Socratic dialogue at BI

Socratic dialogue at BI

Dr Pieter Mostert visited BI last week. He came to engage faculty and students in a Socratic dialogue, which classical education places a great emphasis on. What do we mean when we use this title? This was what Mostert wanted to show us. First at LearningLab, and then with students, we got engaged in Socratic dialogues, a way of seeking truths through question driven instruction. The teacher/facilitator has no predefined answers.

A Socratic dialogue is an enquiry into our understanding of the abstract question through the concrete example, and at the same time an enquiry into our understanding of the concrete example through the concepts of the abstract question.

This enquiry needs time, time to think, time to re-think, time to listen, time to question oneself and the other participants, time to write, time to enjoy. That is why Socratic dialogues last for at least some hours and nevertheless remain fresh and lively.

Finally, a Socratic dialogue takes place in a circle, so that the question and the example can be examined from all different angles.

A Socratic dialogue cannot do without two components:

  • a well phrased, abstract but fundamental question: “does risk increase with responsibility?”
  • a simple and concrete example from daily life: “I felt responsible to reply to the e-mail from the international office”.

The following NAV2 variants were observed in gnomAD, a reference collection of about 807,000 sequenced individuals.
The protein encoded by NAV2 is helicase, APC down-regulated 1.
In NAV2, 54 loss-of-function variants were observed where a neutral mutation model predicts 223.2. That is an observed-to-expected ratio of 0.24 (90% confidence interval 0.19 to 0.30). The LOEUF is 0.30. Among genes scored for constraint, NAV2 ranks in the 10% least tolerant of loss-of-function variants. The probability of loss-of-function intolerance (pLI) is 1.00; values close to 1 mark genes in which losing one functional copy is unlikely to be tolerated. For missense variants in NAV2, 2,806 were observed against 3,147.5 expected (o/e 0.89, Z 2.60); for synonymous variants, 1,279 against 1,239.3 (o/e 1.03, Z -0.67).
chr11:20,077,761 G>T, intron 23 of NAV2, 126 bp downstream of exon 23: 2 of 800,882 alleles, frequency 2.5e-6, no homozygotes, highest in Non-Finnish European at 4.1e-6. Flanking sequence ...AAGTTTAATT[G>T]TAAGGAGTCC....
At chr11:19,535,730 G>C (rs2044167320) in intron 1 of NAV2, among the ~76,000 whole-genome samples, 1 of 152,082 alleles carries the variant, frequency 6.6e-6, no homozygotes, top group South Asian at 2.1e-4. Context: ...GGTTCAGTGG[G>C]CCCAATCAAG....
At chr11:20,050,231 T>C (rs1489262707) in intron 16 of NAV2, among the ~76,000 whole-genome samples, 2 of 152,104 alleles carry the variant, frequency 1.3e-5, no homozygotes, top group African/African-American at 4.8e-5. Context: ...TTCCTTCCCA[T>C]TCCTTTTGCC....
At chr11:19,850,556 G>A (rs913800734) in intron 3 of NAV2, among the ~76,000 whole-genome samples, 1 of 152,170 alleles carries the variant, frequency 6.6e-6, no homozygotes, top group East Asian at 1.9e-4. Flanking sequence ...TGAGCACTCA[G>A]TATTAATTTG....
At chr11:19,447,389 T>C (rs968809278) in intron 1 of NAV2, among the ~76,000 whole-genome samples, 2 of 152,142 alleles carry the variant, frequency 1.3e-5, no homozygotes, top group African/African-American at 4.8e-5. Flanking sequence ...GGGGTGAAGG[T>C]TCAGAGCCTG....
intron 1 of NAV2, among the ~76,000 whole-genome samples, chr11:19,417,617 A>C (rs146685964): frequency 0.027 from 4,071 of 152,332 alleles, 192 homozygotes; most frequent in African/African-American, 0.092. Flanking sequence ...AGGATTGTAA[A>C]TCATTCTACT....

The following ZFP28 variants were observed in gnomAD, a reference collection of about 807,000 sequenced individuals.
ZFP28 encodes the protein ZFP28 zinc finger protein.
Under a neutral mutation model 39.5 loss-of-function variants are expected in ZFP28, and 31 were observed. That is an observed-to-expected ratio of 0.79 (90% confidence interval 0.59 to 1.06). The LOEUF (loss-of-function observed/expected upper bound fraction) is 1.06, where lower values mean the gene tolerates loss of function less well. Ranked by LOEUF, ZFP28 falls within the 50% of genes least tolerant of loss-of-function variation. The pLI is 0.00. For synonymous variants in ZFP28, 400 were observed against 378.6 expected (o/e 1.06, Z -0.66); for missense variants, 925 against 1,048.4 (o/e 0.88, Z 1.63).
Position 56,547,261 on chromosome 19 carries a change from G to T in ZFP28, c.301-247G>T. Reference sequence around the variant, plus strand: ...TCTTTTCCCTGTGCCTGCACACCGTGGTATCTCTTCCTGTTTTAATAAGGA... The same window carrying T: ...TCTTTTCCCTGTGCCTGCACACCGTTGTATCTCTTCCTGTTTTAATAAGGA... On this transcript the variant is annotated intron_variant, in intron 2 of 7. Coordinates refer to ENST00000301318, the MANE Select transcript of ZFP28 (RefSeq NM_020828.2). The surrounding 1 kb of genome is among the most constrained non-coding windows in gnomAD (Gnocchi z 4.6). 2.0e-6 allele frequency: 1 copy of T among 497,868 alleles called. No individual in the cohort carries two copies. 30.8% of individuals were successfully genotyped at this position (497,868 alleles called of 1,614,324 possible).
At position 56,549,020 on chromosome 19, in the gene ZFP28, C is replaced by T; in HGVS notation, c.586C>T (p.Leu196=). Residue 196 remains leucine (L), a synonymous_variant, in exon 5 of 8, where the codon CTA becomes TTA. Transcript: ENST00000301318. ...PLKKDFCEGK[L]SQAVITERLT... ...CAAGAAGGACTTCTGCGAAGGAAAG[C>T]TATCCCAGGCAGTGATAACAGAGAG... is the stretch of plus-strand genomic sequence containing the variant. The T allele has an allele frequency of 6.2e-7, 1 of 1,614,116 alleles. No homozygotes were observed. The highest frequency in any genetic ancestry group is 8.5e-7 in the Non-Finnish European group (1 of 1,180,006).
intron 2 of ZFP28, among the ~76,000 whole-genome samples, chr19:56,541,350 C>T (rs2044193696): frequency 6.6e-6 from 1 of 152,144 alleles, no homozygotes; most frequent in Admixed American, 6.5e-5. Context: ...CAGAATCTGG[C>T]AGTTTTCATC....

Reflection on the Socratic dialogue

Socratic dialogue at BI LearningLab

Socratic dialogue at BI LearningLab

A Socratic dialogue is an enquiry into what we already know (or assume to know). In didactic terms, it activates previous knowledge, e.g. of the concept of ‘honesty’. Such an activation is a prerequisite for the process of learning ‘new knowledge’. That is why the students recommend to have Socratic dialogues on a specific issue / topic before it is dealt with in lectures or group assignments.

The art of a Socratic dialogue is the art of questioning, but asking questions that ‘work’, i.e. that contribute to the process of ‘examination’ is not an easy skill; it deserves practice and guidance. That is the main task of the facilitator: to establish an atmosphere in which the ‘proper’ questions are asked. It is as the students concluded: “questions are more difficult to formulate than answers”.

A Socratic dialogue is a way of doing ‘the hard work’ in an inspiring and motivating atmosphere.


Blogpost by Johannes Brinkmann, BI.

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